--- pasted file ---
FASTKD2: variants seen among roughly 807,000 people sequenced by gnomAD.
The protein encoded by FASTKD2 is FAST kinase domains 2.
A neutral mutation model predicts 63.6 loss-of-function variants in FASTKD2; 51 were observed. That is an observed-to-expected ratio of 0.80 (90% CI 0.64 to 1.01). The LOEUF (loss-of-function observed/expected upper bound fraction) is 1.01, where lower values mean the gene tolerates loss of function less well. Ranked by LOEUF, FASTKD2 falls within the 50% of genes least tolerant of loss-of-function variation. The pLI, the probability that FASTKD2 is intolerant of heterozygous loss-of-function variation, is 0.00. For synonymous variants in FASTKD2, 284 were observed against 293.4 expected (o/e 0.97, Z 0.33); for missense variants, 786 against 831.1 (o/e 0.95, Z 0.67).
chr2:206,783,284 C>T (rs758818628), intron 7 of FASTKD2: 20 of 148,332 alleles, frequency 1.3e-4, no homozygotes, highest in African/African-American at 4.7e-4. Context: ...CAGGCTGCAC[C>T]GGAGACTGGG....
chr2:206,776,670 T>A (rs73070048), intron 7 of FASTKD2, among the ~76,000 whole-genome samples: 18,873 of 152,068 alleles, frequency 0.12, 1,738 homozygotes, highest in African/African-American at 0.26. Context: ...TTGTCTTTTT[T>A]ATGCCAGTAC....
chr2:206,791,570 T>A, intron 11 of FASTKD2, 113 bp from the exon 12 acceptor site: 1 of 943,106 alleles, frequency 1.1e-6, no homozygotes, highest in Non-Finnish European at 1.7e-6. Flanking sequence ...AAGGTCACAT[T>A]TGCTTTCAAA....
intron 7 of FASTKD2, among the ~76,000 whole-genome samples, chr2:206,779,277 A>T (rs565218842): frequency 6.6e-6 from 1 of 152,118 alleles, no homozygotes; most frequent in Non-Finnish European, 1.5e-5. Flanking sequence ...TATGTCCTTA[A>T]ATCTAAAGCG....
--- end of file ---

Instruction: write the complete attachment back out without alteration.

FASTKD2: variants seen among roughly 807,000 people sequenced by gnomAD.
The protein encoded by FASTKD2 is FAST kinase domains 2.
A neutral mutation model predicts 63.6 loss-of-function variants in FASTKD2; 51 were observed. That is an observed-to-expected ratio of 0.80 (90% CI 0.64 to 1.01). The LOEUF (loss-of-function observed/expected upper bound fraction) is 1.01, where lower values mean the gene tolerates loss of function less well. Ranked by LOEUF, FASTKD2 falls within the 50% of genes least tolerant of loss-of-function variation. The pLI, the probability that FASTKD2 is intolerant of heterozygous loss-of-function variation, is 0.00. For synonymous variants in FASTKD2, 284 were observed against 293.4 expected (o/e 0.97, Z 0.33); for missense variants, 786 against 831.1 (o/e 0.95, Z 0.67).
chr2:206,783,284 C>T (rs758818628), intron 7 of FASTKD2: 20 of 148,332 alleles, frequency 1.3e-4, no homozygotes, highest in African/African-American at 4.7e-4. Context: ...CAGGCTGCAC[C>T]GGAGACTGGG....
chr2:206,776,670 T>A (rs73070048), intron 7 of FASTKD2, among the ~76,000 whole-genome samples: 18,873 of 152,068 alleles, frequency 0.12, 1,738 homozygotes, highest in African/African-American at 0.26. Context: ...TTGTCTTTTT[T>A]ATGCCAGTAC....
chr2:206,791,570 T>A, intron 11 of FASTKD2, 113 bp from the exon 12 acceptor site: 1 of 943,106 alleles, frequency 1.1e-6, no homozygotes, highest in Non-Finnish European at 1.7e-6. Flanking sequence ...AAGGTCACAT[T>A]TGCTTTCAAA....
intron 7 of FASTKD2, among the ~76,000 whole-genome samples, chr2:206,779,277 A>T (rs565218842): frequency 6.6e-6 from 1 of 152,118 alleles, no homozygotes; most frequent in Non-Finnish European, 1.5e-5. Flanking sequence ...TATGTCCTTA[A>T]ATCTAAAGCG....